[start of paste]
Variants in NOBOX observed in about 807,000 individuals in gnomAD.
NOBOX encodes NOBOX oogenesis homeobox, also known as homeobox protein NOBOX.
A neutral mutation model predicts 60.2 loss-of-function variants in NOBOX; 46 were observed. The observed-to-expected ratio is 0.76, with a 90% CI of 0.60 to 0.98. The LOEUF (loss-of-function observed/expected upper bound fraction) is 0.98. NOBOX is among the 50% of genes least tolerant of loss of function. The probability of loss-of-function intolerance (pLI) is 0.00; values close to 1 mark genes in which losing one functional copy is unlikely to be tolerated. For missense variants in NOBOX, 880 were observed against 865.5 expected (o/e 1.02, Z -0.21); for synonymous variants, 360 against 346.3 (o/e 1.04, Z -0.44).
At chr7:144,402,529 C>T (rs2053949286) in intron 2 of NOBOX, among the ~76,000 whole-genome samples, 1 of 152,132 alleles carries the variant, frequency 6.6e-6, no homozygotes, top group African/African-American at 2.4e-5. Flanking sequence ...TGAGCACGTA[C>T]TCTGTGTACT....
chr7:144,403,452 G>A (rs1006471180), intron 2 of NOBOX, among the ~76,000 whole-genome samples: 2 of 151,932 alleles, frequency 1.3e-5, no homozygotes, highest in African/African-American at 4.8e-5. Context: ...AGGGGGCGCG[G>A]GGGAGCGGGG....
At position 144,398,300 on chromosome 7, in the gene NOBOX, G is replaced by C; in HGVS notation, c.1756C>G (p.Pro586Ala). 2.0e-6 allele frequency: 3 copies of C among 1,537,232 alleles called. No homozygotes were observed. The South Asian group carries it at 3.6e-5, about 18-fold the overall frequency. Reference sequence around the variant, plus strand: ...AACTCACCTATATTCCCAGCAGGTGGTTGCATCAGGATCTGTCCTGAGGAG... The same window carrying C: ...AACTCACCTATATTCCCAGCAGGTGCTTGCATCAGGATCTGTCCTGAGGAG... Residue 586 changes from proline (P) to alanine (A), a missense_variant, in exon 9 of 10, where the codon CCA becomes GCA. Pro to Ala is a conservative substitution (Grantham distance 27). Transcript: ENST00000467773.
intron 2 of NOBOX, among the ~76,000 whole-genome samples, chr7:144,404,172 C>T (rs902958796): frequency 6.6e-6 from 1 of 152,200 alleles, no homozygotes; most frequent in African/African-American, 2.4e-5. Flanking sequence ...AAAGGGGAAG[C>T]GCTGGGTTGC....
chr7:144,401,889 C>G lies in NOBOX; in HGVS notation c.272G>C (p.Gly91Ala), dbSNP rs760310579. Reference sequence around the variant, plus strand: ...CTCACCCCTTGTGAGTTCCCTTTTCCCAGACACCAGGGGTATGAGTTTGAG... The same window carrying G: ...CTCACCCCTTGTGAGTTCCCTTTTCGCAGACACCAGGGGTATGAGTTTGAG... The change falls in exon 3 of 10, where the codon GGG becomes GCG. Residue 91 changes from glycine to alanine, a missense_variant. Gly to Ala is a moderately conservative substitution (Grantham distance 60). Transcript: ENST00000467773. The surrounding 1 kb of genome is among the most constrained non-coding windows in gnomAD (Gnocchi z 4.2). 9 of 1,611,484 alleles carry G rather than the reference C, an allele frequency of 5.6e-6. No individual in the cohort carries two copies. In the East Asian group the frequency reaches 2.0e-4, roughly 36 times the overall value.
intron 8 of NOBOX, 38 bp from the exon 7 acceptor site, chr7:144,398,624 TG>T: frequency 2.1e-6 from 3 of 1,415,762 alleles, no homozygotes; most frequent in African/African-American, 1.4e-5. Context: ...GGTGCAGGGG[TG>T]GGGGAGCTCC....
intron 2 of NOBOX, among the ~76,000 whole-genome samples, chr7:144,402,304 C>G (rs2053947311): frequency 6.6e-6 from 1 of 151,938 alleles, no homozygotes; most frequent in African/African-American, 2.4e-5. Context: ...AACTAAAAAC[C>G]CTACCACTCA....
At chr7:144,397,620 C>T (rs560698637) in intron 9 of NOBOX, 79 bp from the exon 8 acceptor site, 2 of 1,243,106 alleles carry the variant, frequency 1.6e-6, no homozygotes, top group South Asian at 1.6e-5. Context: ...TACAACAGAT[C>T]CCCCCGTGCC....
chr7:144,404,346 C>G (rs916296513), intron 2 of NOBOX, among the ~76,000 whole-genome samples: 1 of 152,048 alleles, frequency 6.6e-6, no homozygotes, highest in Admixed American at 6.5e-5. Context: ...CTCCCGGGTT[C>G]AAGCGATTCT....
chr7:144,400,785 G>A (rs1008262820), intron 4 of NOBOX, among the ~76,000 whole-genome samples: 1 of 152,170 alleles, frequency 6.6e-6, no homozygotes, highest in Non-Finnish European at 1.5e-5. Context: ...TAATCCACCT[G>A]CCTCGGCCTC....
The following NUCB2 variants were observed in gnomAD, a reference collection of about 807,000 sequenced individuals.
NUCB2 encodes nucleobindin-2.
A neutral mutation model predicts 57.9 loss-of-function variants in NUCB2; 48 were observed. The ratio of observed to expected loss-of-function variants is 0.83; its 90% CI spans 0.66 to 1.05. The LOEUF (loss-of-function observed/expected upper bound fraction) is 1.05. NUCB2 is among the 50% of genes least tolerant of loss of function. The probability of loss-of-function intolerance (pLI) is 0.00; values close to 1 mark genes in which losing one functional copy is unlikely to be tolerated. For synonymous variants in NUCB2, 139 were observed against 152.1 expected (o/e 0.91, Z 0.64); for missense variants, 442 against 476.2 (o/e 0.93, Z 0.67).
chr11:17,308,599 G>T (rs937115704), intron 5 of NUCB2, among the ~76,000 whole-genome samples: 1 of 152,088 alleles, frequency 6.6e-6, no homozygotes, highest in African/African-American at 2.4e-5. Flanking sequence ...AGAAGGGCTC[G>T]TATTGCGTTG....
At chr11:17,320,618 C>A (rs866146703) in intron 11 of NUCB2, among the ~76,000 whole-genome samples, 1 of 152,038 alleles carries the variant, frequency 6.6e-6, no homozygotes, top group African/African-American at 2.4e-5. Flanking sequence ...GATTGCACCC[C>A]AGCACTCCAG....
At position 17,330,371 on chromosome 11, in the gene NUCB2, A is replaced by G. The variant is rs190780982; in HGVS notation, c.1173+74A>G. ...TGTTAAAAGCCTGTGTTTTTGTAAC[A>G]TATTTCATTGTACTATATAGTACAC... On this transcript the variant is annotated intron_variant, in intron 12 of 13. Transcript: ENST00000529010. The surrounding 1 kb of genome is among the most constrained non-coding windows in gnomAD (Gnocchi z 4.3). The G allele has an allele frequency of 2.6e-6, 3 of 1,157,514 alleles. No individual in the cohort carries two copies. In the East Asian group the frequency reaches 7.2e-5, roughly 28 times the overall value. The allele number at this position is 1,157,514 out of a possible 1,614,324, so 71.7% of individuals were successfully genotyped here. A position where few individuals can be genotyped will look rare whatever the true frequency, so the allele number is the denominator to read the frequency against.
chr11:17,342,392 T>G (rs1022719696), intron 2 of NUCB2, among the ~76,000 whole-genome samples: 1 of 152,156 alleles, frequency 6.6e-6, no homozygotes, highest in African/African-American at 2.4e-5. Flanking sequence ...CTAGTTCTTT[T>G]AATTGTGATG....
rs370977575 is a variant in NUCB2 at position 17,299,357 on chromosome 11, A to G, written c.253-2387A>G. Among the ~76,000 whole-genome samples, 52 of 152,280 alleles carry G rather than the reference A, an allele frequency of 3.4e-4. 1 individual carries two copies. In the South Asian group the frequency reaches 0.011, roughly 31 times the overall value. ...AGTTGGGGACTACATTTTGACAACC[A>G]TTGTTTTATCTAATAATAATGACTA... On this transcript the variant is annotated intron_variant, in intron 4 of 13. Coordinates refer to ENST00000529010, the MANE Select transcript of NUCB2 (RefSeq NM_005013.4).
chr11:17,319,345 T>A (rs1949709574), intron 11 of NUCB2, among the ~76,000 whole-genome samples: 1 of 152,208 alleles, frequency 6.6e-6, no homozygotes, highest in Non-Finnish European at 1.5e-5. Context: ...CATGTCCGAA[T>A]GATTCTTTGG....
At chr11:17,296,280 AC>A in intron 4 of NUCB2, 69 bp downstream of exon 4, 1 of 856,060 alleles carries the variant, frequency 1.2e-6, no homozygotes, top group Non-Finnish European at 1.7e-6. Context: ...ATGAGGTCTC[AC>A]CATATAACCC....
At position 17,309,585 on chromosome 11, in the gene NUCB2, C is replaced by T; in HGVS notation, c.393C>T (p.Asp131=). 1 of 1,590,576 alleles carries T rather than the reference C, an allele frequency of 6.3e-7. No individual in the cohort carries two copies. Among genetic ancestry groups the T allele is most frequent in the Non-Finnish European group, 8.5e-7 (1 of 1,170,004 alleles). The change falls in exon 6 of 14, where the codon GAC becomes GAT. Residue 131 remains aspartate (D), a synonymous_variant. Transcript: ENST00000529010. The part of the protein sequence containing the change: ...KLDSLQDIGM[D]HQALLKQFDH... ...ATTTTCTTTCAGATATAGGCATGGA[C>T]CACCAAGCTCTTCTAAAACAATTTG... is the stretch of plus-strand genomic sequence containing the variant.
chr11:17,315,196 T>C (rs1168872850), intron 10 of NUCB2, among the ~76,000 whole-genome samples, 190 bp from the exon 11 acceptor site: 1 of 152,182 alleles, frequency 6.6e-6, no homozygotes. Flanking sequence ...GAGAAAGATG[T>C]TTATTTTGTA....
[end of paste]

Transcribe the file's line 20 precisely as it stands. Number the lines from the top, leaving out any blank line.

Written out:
chr11:17,342,392 T>G (rs1022719696), intron 2 of NUCB2, among the ~76,000 whole-genome samples: 1 of 152,156 alleles, frequency 6.6e-6, no homozygotes, highest in African/African-American at 2.4e-5. Flanking sequence ...CTAGTTCTTT[T>G]AATTGTGATG....